Alejandro Zambra, Not to Read, 2018
Books say no to literature. Some. Others, the majority, say yes. They obey the market or the holy spirit of governments. Or the placid idea of a generation. Or the even more placid idea of a tradition. I prefer books that say no. Sometimes, even, I prefer the books that don’t know what they are saying.
. . . [W]e write only when others haven’t written the book we want to read. That’s why we write one of our own, one that never turns out to be what we wanted it to be. We say no to literature so that literature, for its part, will say no to us. So the book will be, always, a space that we weren’t expecting: a way out, but not the way we were expecting.
‘Not knowing how to write could perhaps be exactly what saves me from literature,’ says Clarice Lispector, again. In the non-fiction chronicles of A Descoberta do Mundo [Discovery of the World], Lispector insists on the desire that her stories not be stories, that her novels not be novels, and not out of any attachment to a forced experimentalism or to the kind of commonplaces that literary workshops return to again and again, with admirable patience: Lispector does not seek to surprise or captivate the reader.
Alison Entrekin, “Clarice Lispector’s ‘New World of Feeling,'” Music & Literature 4 (2014)
If anything, one senses in places that language is an insufficient medium, so to speak, and that she would rather let words or grammar fall short of what she wants to say than try to house what she has to say within the limitations of language. Or, as the character Joana hints in Near to the Wild Heart, “The moment I try to speak not only do I fail to express what I feel but what I feel slowly becomes what I say.”
Clarice Lispector, Água Viva
Beyond thought there are no words: it is itself. My painting has no words: it is beyond thought. In this land of the is-itself I am pure crystalline ecstasy. It is itself. I am myself. You are yourself.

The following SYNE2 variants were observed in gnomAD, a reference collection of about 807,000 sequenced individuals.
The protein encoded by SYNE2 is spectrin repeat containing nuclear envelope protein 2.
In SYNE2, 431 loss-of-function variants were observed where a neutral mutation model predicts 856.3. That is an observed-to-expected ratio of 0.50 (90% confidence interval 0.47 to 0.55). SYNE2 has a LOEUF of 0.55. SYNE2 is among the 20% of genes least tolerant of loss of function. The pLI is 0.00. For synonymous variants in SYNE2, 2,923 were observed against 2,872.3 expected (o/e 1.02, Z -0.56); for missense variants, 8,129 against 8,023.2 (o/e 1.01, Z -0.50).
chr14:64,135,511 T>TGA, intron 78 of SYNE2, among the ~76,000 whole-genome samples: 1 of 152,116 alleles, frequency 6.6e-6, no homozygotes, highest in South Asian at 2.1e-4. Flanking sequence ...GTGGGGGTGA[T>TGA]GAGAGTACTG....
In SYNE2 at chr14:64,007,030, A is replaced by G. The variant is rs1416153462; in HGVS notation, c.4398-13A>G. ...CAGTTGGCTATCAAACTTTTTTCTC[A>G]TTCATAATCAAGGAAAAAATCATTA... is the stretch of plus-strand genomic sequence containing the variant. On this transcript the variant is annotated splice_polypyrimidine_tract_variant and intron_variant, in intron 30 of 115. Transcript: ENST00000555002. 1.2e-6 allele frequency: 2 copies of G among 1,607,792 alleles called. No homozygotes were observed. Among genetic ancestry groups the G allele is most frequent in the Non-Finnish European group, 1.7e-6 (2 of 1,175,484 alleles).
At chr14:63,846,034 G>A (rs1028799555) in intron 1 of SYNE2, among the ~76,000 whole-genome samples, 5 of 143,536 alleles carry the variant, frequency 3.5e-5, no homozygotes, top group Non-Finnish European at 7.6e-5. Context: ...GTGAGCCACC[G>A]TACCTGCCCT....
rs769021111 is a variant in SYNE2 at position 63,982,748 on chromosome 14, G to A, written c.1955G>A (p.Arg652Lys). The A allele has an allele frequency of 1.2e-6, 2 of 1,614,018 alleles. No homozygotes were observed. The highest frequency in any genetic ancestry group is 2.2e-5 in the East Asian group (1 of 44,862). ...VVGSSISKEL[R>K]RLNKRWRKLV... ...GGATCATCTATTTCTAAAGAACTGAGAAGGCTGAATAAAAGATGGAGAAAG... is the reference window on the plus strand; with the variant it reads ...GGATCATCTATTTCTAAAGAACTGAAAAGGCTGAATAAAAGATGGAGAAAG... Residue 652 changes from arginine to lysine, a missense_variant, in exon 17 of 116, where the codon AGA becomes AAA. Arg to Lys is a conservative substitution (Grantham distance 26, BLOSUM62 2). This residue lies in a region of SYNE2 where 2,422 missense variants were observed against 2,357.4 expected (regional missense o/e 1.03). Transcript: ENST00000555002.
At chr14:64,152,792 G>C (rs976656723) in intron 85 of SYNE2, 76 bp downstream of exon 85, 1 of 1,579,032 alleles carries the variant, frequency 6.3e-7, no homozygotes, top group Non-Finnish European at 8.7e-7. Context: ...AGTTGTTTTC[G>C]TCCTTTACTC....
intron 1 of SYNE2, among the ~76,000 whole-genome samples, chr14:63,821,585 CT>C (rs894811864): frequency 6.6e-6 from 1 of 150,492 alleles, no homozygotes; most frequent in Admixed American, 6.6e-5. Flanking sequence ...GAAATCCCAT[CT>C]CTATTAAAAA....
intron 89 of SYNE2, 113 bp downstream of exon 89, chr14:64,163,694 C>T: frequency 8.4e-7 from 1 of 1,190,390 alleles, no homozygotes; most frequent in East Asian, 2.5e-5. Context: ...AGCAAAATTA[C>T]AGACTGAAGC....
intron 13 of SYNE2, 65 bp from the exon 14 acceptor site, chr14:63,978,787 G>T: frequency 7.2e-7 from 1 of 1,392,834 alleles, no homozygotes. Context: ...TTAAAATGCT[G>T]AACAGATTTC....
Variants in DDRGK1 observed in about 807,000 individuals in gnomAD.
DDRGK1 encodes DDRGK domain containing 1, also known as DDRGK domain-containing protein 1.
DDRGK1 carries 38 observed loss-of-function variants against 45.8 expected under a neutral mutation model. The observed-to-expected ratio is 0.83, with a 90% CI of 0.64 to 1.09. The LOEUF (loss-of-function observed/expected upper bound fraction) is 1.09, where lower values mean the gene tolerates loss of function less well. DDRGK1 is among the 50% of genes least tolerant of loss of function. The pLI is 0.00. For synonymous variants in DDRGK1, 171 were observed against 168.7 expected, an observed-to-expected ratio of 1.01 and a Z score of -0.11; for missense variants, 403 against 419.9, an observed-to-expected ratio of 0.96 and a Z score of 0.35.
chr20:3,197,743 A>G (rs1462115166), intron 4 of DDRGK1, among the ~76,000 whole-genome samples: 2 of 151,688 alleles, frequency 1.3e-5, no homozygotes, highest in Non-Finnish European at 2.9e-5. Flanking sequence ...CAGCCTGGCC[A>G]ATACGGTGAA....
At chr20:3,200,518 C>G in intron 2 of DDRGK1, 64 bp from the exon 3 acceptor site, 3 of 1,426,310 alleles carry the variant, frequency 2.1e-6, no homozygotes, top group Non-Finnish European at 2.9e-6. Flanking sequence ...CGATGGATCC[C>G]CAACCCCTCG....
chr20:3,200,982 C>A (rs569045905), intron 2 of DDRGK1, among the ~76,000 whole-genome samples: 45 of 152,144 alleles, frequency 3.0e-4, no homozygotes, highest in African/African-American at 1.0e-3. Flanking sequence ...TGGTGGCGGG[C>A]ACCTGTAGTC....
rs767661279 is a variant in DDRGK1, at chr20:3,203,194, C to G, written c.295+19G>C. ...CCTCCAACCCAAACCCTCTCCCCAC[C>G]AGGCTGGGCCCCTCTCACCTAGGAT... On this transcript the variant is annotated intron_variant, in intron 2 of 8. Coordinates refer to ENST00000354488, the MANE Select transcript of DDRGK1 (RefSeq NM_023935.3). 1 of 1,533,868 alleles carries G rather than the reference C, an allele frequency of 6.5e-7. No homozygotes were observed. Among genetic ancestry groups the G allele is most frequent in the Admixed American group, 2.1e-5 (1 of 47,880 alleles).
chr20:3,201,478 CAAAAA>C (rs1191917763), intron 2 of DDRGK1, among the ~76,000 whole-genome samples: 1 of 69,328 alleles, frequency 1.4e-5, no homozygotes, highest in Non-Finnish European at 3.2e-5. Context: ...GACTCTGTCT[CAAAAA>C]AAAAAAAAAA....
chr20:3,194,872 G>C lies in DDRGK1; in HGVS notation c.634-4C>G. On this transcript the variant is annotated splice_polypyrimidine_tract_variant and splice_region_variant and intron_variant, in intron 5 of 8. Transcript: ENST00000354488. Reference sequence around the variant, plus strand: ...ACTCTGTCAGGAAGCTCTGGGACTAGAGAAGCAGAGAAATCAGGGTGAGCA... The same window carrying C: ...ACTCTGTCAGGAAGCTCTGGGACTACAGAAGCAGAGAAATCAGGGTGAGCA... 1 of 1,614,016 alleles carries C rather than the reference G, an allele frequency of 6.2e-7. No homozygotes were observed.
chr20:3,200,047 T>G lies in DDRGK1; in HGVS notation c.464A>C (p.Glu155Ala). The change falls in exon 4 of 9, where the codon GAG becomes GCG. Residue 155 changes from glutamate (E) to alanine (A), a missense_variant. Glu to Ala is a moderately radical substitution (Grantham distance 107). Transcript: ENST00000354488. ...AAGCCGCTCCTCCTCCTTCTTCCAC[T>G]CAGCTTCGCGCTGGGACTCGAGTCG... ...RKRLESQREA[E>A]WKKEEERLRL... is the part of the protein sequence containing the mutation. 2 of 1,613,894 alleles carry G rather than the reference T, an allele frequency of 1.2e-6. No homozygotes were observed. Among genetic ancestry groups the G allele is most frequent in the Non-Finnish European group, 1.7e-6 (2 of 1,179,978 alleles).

Clarice Lispector, Água Viva
I am after whatever is lurking beyond thought.
Rachel Kushner, “Lipstick Traces,” Bookforum December/January 2013
I suspect the reason Lispector’s philosophical fiction has inspired such dramatic devotion is that people feel she is talking to them, about the most basic but complex human experience: consciousness, the alienating strangeness of what it is to be alive. She attempts to capture what it is to think our existence as we are in it — in the “marvelous scandal,” as Lispector puts it, of life. We are not a plain is, but an awareness of this is, which is to say totally cut off from the world by the human capacity to conceive our part in it.
Douglas Glover, “Fifty Shades of Grey Matter: Fiction,” Numéro Cinq 8 June 2013
Droll, mischievous and wonderfully intelligent confection, a Modernist riposte to the vacancy (absence) of E. L. James’s Fifty Shades of Grey, in which Gabriel Josipovici has a walk-on role and the protagonist images himself as Caspar Friedrich’s Wanderer AND Roy Scheider in Jaws in the same instant and someone wears a Clarice Lispector frock. It all begins with a mother telling a bedtime story, yes, yes, a scene of sadistic psychic violence like none other. Brilliantly witty. Deploys many of the Modern erotic positions: sex and text, love as desire for absence, and self as ghost (we all have that sense of the self being something that haunts itself). The teaser below accurately describes love and art, or maybe not. By Andrew Gallix who edits 3AM Magazine.
Your heart still skips like a trip of jackrabbits in the Arizona desert, where we carved our names on a bench close to the abyss. But when I look at you, well, I just feel dead inside. It has to be like this and no other way; otherwise it wouldn’t be art, would it? I’m in love with Jay now: I feed him mini Milano cookies and give him snug harbor. Anyway, I was never quite all there, was I? Long before we met, I was a character in one of your stories — ‘Sweet Fanny Adams.’ Young man goes looking for girl of his dreams in order to break up straight away. ‘At last,’ he says upon meeting her, ‘I have found my sense of loss.’ See? I haven’t forgotten. I started off as fiction, and to fiction I have returned. Our relationship was only a movement towards my disappearance. I am your sense of loss: the self-effacing subject of your work…”
“Emilie…” said Valentin.
“When you say my name, you retain nothing of me but my absence. And nobody is present behind these words I speak.”
Read the rest.
“I want every sentence of this book to be a climax.”
– Clarice Lispector, A Breath of Life
[See Bruno Schulz.]